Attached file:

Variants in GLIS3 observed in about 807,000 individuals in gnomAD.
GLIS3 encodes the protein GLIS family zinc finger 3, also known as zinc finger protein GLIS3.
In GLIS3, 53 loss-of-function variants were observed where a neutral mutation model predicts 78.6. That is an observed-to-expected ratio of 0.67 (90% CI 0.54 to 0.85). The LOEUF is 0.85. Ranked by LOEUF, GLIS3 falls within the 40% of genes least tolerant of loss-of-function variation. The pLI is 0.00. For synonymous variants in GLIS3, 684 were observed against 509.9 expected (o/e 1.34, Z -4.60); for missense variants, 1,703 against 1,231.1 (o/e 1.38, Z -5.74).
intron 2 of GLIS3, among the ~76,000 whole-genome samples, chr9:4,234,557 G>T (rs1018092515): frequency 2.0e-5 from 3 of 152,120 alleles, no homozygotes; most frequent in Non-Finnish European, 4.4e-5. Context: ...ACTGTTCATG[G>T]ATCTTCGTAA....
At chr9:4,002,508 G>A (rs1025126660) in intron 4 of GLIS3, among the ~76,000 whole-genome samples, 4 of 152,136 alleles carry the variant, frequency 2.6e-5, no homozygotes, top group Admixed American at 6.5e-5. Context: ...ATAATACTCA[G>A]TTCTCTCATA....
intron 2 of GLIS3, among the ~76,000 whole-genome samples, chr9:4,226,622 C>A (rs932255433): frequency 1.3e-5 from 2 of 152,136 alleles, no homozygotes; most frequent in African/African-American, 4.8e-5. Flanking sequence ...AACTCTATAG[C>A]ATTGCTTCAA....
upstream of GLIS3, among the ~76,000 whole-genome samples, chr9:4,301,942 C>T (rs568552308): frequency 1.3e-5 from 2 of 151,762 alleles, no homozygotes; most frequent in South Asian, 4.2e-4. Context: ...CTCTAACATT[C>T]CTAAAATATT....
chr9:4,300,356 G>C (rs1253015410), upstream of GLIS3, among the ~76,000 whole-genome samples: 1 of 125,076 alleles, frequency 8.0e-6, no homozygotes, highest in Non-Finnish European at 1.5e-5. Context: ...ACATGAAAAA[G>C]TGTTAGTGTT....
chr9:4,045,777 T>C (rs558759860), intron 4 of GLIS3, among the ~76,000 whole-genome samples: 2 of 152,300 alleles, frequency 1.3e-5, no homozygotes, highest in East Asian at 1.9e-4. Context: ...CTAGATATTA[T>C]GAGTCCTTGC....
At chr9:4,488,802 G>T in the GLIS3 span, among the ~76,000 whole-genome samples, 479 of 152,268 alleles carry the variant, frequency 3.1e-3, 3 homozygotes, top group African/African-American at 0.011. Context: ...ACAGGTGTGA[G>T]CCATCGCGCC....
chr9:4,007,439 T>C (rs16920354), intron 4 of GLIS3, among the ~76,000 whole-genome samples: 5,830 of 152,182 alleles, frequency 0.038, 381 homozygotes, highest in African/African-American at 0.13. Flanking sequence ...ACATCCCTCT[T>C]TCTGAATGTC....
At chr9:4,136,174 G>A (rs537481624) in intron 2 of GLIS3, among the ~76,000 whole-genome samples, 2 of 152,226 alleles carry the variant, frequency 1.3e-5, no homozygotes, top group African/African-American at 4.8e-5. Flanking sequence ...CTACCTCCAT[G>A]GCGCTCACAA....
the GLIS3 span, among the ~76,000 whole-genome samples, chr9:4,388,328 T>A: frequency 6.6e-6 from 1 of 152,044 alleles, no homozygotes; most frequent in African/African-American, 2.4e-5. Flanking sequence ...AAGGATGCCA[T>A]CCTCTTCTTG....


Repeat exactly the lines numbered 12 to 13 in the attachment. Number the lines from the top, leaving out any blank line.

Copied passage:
At chr9:4,136,174 G>A (rs537481624) in intron 2 of GLIS3, among the ~76,000 whole-genome samples, 2 of 152,226 alleles carry the variant, frequency 1.3e-5, no homozygotes, top group African/African-American at 4.8e-5. Flanking sequence ...CTACCTCCAT[G>A]GCGCTCACAA....
the GLIS3 span, among the ~76,000 whole-genome samples, chr9:4,388,328 T>A: frequency 6.6e-6 from 1 of 152,044 alleles, no homozygotes; most frequent in African/African-American, 2.4e-5. Flanking sequence ...AAGGATGCCA[T>A]CCTCTTCTTG....